+Visual Capabilities: 2-6 extra years (Median: 4 years). We'll need good representation learning techniques for learning from visual input (which I think we mostly have). We'll also need to combine vision and language models, but there are many existing techniques for combining vision and language models to try here, and they generally work pretty well. A main potential bottleneck time-wise is that the language+vision components will likely need to be pretrained together, which slows the iteration time and reduces the number of research groups that can contribute (especially for learning from video, which is expensive). For reference, Language+Image pretrained models like ViLBERT came out 10 months after BERT did.
+Action Capabilities: 0-6 extra years (Median: 2 years). GPT3-style zero-shot or few-shot instruction following is the most feasible/promising approach to me here; this approach could work as soon as we have a strong, pretrained vision+language model. Alternatively, we could use that model within a larger system, e.g. a policy trained with reinforcement learning, but this approach could take a while to get to work.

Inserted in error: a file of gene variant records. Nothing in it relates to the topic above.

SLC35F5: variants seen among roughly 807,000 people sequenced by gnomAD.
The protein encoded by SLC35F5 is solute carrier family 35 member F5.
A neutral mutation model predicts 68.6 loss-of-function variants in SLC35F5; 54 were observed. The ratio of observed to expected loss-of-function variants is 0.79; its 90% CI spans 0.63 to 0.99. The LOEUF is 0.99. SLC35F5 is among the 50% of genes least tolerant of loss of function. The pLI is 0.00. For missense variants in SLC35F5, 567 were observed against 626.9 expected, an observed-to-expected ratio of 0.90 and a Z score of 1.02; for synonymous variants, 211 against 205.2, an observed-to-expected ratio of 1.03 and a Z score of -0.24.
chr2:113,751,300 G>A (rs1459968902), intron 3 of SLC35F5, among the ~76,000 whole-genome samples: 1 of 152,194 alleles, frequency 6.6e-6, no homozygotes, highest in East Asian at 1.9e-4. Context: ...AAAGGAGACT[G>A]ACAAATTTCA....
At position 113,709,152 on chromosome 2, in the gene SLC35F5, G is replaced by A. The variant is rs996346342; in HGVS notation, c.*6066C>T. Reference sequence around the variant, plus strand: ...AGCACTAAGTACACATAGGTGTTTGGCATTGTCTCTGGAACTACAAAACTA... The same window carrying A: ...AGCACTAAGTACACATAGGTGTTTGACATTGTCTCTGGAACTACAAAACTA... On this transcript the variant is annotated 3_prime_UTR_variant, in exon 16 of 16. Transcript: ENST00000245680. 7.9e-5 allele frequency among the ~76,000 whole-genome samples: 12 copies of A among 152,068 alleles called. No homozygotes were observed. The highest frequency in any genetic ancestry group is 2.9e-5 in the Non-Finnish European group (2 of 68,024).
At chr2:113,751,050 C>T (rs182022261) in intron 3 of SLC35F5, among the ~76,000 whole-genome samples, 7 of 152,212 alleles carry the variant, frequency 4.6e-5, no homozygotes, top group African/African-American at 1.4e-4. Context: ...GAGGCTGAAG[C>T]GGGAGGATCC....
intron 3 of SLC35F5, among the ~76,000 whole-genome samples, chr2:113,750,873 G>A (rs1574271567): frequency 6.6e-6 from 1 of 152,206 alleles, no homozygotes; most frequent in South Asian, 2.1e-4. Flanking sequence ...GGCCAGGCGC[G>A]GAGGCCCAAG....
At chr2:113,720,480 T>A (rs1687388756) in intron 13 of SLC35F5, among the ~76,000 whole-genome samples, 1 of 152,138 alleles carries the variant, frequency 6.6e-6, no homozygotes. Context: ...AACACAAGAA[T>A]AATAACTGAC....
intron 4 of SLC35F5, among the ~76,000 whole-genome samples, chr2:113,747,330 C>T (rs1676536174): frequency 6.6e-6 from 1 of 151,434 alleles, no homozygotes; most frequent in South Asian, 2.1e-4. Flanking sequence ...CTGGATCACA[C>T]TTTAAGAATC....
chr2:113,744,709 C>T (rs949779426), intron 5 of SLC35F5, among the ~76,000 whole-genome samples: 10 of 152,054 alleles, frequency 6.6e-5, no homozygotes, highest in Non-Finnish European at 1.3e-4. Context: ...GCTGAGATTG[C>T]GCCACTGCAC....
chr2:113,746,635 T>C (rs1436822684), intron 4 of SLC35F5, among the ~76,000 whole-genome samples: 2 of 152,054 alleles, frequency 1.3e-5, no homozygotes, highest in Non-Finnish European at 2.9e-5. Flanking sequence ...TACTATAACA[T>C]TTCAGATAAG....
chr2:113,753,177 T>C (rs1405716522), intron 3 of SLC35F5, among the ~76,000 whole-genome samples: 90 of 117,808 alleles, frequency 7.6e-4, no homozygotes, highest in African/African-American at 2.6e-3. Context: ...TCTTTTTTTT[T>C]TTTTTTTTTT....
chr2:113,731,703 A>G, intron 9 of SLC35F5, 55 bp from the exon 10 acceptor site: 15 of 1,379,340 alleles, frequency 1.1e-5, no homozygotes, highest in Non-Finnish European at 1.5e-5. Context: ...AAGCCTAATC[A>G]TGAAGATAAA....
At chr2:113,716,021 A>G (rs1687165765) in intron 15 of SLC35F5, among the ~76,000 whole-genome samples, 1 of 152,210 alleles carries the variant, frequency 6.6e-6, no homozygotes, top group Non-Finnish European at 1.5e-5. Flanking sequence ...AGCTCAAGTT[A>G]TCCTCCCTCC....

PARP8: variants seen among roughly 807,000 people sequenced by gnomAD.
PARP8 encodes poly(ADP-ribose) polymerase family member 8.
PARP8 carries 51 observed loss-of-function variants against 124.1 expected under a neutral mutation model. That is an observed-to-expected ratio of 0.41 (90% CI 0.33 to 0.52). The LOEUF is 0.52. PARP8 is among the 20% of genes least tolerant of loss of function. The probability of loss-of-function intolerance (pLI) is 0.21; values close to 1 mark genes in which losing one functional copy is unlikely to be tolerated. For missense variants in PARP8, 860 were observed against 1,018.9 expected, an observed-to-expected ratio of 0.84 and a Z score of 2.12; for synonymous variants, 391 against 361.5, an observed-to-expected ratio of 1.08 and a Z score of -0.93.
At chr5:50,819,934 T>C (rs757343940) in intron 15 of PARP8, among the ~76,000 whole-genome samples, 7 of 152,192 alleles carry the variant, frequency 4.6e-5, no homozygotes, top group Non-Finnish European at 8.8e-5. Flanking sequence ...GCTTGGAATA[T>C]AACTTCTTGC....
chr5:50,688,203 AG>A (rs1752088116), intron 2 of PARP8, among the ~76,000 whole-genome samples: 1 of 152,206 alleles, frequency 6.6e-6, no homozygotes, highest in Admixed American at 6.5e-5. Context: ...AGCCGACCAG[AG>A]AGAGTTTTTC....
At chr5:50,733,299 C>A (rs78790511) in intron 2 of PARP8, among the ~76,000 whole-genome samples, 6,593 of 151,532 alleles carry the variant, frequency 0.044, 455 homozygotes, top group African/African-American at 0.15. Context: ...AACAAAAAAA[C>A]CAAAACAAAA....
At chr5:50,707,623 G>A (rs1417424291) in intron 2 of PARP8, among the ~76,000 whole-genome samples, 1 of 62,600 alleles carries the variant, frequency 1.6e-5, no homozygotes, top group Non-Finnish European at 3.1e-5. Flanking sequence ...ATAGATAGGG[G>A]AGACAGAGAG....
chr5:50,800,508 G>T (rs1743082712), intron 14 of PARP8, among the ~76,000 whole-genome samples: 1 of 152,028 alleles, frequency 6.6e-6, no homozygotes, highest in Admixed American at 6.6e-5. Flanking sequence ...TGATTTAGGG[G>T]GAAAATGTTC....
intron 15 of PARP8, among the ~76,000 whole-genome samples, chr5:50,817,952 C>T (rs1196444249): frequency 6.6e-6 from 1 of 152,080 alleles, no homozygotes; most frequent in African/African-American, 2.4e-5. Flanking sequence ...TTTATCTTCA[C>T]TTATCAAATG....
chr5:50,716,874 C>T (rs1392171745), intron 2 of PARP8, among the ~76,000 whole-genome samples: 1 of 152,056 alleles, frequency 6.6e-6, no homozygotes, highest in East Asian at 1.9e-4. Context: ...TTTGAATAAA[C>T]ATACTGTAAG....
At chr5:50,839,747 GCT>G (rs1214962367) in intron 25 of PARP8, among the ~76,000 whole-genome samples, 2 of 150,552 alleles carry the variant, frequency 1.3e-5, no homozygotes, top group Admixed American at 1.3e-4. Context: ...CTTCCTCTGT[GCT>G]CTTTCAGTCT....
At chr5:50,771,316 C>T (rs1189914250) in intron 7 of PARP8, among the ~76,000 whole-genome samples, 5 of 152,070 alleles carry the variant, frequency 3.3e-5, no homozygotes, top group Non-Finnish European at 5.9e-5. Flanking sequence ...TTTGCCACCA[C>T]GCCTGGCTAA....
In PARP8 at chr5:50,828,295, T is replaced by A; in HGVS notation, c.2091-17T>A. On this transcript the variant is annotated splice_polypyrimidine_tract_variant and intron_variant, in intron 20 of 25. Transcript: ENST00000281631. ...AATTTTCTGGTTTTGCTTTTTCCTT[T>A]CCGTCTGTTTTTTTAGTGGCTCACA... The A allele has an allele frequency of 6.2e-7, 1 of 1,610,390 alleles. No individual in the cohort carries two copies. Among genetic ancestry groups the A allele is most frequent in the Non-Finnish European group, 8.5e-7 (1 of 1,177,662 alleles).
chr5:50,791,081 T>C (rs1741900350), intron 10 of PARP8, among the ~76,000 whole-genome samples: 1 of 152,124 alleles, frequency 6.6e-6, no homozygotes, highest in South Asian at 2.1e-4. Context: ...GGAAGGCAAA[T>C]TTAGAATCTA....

Breakthrough AGI (75% probability). Timeline: Uniform probability over the next century: We need several, fundamental breakthroughs to achieve AGI. Breakthroughs are hard to predict, so I'll assume a uniform distribution that we'll hit upon the necessary breakthroughs at any year <2100, with 15% total probability mass after 2100 (a rough estimate); I'm estimating 15% roughly based on a 5% probability that we won't find the right insights by 2100, 5% probability that we have the right insights but not enough compute by 2100, and 5% probability to account for planning fallacy, unknown unknowns, and the fact that a number of top AI researchers believe that we are very far from AGI.
My probability for Prosaic AGI is based on an estimated probability of each of the 3 stages of development working (described above):
P(Prosaic AGI) = P(Stage 1) x P(Stage 2) x P(Stage 3) = 3/4 x 2/3 x 1/2 = 1/4
Updates/Clarification after some feedback from Adam Gleave:
Updated from 5% -> 15% probability that AGI won't happen by 2100 (see reasoning above). I've updated my Elicit snapshot appropriately.
There are other concrete paths to AGI, but I consider these fairly low probability to work first (<5%) and experimental enough that it's hard to predict when they will work. For example, I can't think of a good way to predict when we'll get AGI from training agents in a simulated, multi-agent environment (e.g., in the style of OpenAI's Emergent Tool Use paper). Thus, I think it's reasonable to group such other paths to AGI into the "Breakthrough AGI" category and model these paths with a uniform distribution.